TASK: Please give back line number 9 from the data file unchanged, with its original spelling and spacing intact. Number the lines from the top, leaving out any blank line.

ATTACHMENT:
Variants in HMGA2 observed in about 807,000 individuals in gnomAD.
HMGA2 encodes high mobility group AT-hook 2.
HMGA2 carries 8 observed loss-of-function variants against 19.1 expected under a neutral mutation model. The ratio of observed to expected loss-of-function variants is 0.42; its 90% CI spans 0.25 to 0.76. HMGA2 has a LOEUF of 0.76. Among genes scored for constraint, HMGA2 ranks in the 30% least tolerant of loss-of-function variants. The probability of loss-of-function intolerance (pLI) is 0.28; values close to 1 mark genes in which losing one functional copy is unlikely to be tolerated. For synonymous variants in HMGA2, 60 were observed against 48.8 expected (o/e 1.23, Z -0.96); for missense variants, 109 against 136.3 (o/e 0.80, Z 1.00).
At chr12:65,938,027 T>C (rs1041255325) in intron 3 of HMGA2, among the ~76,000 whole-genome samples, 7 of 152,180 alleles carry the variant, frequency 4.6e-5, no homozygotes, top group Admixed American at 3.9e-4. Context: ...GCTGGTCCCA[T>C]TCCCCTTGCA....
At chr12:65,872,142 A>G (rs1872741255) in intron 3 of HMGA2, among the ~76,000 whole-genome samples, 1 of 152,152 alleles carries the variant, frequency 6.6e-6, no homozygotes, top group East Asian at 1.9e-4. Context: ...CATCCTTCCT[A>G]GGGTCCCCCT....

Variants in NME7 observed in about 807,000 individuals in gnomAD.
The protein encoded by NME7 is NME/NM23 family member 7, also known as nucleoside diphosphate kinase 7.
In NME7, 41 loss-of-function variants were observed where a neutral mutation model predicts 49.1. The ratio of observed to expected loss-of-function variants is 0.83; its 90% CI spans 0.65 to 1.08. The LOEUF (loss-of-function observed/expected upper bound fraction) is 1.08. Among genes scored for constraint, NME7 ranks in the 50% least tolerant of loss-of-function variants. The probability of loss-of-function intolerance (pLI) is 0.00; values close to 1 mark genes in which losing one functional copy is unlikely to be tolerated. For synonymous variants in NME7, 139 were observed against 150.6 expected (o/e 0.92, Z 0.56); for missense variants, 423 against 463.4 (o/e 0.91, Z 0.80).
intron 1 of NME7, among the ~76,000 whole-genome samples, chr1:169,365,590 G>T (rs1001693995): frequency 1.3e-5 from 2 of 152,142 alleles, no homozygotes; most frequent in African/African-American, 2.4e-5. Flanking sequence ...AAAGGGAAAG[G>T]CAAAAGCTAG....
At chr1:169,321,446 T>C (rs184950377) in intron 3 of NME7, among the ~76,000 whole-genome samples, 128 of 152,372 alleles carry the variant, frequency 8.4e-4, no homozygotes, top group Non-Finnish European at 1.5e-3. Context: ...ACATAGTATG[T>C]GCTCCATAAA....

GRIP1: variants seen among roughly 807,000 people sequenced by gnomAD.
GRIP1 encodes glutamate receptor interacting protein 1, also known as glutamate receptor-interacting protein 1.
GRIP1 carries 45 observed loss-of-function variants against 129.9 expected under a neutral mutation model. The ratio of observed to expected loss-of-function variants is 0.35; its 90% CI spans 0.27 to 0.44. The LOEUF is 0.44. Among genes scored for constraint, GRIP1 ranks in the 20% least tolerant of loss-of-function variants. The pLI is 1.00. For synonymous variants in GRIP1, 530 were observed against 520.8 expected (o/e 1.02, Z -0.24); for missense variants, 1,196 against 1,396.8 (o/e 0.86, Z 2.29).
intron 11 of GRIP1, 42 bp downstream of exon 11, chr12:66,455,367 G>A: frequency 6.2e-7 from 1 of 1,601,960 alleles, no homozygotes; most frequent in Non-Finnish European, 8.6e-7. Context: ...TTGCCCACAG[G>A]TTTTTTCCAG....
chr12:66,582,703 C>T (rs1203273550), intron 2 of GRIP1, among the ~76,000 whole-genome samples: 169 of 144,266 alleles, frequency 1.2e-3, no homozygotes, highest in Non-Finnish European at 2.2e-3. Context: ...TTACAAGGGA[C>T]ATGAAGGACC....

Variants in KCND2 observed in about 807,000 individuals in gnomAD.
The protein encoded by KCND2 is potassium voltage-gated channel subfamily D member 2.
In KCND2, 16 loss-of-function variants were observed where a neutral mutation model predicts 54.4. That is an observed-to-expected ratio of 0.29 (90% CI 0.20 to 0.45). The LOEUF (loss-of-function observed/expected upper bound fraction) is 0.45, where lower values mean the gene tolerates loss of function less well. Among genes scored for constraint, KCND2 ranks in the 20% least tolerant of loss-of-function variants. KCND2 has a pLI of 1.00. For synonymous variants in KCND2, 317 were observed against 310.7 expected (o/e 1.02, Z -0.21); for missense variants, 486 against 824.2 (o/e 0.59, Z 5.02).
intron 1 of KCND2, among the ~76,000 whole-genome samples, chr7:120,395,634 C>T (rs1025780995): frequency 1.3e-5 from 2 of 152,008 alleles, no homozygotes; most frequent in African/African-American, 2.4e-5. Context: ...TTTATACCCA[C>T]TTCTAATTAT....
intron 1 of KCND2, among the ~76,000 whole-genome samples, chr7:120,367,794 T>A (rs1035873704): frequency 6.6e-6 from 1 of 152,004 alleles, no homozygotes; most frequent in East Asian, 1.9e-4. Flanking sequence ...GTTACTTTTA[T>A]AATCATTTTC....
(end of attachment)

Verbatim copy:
intron 1 of NME7, among the ~76,000 whole-genome samples, chr1:169,365,590 G>T (rs1001693995): frequency 1.3e-5 from 2 of 152,142 alleles, no homozygotes; most frequent in African/African-American, 2.4e-5. Flanking sequence ...AAAGGGAAAG[G>T]CAAAAGCTAG....